The Advertising Standards Authority, which governs and regulates advertising in the U.K., released a new statement defining its position on brand publishing. The regulator, which previously hasn’t specifically addressed how it perceives “editorial content” in the context of advertising, now says that its remit extends to commercial communications in any owned space, as long as it has the likely effect of “selling something.”
But one key exclusion: editorial content.
Speaking specifically in the context of gambling brands, the ASA said that while it is responsible for regulating any marketing communications created by gambling brands, it does believe that it excludes editorial content specifically due to the “need to protect freedom of expression.” It writes: “Gambling social media accounts sometimes include editorial-style content, like commentary or opinions on recent events, or more abstract humour, such as ‘memes’ and other irreverent takes on current sporting news. This has been described by researchers as ‘content marketing’ where there are no direct product references, calls to action or links to operator websites.”
Extrapolating from this, it seems likely the ASA is drawing a clear line between what it sees as advertising (which sells something) and editorial content (which doesn’t.)
Toolkits insight: You know the party’s getting serious once the authorities get involved. Brand publishing has largely flown under the radar of regulators, mostly because despite being so closely related to content marketing, it is a relatively new discipline that is just getting started.
I’ve long said that brands who are creating editorial content have to divorce it from marketing. They must create new editorial teams that don’t sit inside marketing organizations, and they must be beholden to different KPIs and standards of success. And external signals such as the ASA’s belief that editorial content may in fact be held to different regulatory standards than marketing only shores up that argument. Stateside, we saw something similar last year, when Robinhood Snacks was taken to court by rapper and actor Ice Cube for using a picture of him and one of his rap lyrics in its newsletter. The courts agreed with Robinhood that because Snacks constituted an “editorial” property, it wasn’t considered advertising.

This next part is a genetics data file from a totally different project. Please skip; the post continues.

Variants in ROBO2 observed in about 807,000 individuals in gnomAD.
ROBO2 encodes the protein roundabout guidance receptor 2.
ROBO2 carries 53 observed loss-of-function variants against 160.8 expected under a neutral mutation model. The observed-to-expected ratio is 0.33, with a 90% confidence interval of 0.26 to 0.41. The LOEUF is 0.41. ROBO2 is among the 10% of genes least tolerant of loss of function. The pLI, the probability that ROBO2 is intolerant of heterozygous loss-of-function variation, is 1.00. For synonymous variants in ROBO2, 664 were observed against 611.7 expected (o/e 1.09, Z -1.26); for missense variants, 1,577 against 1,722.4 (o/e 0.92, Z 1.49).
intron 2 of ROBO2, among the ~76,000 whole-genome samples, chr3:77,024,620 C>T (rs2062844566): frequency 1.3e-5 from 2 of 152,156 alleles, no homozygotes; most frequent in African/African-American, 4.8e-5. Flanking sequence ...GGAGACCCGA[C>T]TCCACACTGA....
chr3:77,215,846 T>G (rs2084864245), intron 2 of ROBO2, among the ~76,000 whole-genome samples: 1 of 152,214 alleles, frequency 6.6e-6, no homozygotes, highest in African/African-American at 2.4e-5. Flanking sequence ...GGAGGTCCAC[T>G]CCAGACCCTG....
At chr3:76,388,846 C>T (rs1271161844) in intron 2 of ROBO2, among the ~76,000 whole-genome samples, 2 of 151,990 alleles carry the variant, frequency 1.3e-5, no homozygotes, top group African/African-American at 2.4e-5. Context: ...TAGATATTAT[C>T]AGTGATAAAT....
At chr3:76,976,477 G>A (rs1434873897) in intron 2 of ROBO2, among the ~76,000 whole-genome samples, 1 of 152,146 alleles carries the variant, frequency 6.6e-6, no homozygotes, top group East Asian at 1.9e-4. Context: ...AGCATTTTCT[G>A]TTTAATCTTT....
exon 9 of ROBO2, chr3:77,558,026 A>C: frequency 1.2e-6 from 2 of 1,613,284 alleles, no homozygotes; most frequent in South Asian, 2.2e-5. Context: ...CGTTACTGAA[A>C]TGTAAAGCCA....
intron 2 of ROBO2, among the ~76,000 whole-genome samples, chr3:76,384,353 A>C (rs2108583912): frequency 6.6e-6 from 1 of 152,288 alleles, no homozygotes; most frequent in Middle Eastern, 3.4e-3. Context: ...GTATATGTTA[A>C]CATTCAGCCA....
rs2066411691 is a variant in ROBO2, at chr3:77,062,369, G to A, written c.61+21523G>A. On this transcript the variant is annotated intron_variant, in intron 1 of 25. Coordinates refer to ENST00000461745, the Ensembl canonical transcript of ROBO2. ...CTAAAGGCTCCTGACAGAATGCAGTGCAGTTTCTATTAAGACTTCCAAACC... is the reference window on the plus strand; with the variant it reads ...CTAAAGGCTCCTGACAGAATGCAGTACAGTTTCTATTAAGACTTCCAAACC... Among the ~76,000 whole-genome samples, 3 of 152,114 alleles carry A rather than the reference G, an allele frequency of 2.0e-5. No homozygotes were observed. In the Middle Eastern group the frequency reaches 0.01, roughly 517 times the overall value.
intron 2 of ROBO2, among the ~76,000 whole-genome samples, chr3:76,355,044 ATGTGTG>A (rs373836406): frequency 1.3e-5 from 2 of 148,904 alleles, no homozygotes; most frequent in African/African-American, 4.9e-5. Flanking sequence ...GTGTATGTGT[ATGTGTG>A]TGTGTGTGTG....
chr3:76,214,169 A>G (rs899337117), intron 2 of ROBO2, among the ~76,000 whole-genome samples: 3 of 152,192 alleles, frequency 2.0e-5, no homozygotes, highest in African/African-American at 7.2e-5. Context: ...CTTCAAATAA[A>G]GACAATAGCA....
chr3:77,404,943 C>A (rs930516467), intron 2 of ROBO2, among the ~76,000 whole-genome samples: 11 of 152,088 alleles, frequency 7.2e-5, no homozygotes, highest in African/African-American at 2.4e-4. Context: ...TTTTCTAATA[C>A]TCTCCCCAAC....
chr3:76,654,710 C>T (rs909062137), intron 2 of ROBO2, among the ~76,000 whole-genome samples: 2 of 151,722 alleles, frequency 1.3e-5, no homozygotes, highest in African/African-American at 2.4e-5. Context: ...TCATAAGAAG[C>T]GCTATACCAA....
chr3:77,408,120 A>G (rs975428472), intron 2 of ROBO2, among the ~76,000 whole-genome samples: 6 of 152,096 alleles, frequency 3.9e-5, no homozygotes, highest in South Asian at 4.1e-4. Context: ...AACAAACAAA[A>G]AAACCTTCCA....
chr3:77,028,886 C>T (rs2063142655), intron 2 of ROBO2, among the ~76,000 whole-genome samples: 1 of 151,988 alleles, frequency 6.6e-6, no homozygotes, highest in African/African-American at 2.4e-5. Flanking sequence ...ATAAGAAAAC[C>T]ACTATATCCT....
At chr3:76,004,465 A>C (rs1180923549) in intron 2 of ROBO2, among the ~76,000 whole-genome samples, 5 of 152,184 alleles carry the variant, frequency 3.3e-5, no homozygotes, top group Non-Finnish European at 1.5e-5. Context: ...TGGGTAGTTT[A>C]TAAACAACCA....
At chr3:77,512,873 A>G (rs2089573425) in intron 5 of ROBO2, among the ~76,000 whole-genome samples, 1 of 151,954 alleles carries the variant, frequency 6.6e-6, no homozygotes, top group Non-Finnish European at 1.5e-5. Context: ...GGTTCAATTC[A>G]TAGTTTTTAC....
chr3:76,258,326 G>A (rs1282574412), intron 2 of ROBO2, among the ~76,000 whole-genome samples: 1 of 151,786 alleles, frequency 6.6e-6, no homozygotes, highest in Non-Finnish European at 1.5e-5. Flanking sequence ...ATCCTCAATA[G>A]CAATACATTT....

Coinbase’s new “think tank”
Coinbase has launched The Coinbase Institute, which it defines as a thinktank that will cut across disciplines to “provide expert analysis and insights about what’s happening in the global crypto economy.”
Director Hermine Wong said a key priority for the institute will be the dissemination of empirical and peer-reviewed research and said this will include an academic partnership with the University of Michigan to measure household adoption and attitudes toward cryptocurrency, per Decrypt.
The group has released its first report, focused on crypto’s relationship with climate and energy efficiency.
Toolkits insight: “Think tank” is one of those terms that really can mean anything. In this case, it’s Coinbase’s latest effort to use content to put forward its own narrative about crypto in a way that aligns with its business goals. It reminds me a lot of Fact Check, the section of its website announced last year that was meant to be a way for Coinbase to publish what it perceived as the “truth” about crypto that media outlets can’t or wont. The blog hasn’t published since last August.
Web3 is a true opportunity for brand publishers. It comes with its share of confusion and is marked by a peculiarly binary way of thinking where you’re either “with” crypto or “against” it. It has its share of tensions, which makes for good storytelling, and complexity. All of this is playing out in this latest effort by Coinbase.
Inside First Round Review’s brand publishing strategy
First Round Review is a pioneer in VC publishing.
Launched in 2013, the publication from VC firm First Round bills itself the HBR for Startups, and aims to connect its community of founders, execs and entrepreneurs with a plethora of service-oriented articles that feature advice, how-tos and best practices. It dips into its vast network to interview founders, and publishes expertise gleaned from its own staff – particularly from its experience helping companies grow. We spoke with First Round Review’s editor, Jessi Craige Shikman, about how she structures a lean team, how it consistently generates high-quality content ideas, and how it tries to set its content apart from the competition. Read our Q&A with Shikman here.